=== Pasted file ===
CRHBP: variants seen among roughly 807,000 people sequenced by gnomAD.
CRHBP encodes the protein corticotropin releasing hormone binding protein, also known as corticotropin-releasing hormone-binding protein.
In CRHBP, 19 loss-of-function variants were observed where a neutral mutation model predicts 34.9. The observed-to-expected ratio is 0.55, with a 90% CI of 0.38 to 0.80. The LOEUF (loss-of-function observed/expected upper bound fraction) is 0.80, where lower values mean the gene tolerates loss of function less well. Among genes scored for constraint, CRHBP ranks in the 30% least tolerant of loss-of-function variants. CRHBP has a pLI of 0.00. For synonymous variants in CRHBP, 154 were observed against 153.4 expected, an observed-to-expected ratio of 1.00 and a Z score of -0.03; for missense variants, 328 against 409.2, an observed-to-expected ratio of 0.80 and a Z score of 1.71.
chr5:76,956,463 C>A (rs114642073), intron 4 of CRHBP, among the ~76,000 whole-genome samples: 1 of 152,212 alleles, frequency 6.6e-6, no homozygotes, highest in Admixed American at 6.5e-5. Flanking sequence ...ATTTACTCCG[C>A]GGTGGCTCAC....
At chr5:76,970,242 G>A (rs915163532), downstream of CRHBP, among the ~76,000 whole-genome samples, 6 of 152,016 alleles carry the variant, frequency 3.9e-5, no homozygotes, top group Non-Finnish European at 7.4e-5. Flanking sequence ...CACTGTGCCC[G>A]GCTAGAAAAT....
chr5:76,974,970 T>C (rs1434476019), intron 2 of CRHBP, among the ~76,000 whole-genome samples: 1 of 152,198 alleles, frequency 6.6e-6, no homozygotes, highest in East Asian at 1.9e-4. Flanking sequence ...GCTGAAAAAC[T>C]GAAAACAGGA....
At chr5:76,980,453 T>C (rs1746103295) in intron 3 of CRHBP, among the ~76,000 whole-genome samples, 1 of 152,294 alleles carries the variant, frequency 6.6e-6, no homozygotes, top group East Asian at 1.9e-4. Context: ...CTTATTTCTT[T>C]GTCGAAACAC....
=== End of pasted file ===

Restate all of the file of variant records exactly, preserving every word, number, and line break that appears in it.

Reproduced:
CRHBP: variants seen among roughly 807,000 people sequenced by gnomAD.
CRHBP encodes the protein corticotropin releasing hormone binding protein, also known as corticotropin-releasing hormone-binding protein.
In CRHBP, 19 loss-of-function variants were observed where a neutral mutation model predicts 34.9. The observed-to-expected ratio is 0.55, with a 90% CI of 0.38 to 0.80. The LOEUF (loss-of-function observed/expected upper bound fraction) is 0.80, where lower values mean the gene tolerates loss of function less well. Among genes scored for constraint, CRHBP ranks in the 30% least tolerant of loss-of-function variants. CRHBP has a pLI of 0.00. For synonymous variants in CRHBP, 154 were observed against 153.4 expected, an observed-to-expected ratio of 1.00 and a Z score of -0.03; for missense variants, 328 against 409.2, an observed-to-expected ratio of 0.80 and a Z score of 1.71.
chr5:76,956,463 C>A (rs114642073), intron 4 of CRHBP, among the ~76,000 whole-genome samples: 1 of 152,212 alleles, frequency 6.6e-6, no homozygotes, highest in Admixed American at 6.5e-5. Flanking sequence ...ATTTACTCCG[C>A]GGTGGCTCAC....
At chr5:76,970,242 G>A (rs915163532), downstream of CRHBP, among the ~76,000 whole-genome samples, 6 of 152,016 alleles carry the variant, frequency 3.9e-5, no homozygotes, top group Non-Finnish European at 7.4e-5. Flanking sequence ...CACTGTGCCC[G>A]GCTAGAAAAT....
chr5:76,974,970 T>C (rs1434476019), intron 2 of CRHBP, among the ~76,000 whole-genome samples: 1 of 152,198 alleles, frequency 6.6e-6, no homozygotes, highest in East Asian at 1.9e-4. Flanking sequence ...GCTGAAAAAC[T>C]GAAAACAGGA....
At chr5:76,980,453 T>C (rs1746103295) in intron 3 of CRHBP, among the ~76,000 whole-genome samples, 1 of 152,294 alleles carries the variant, frequency 6.6e-6, no homozygotes, top group East Asian at 1.9e-4. Context: ...CTTATTTCTT[T>C]GTCGAAACAC....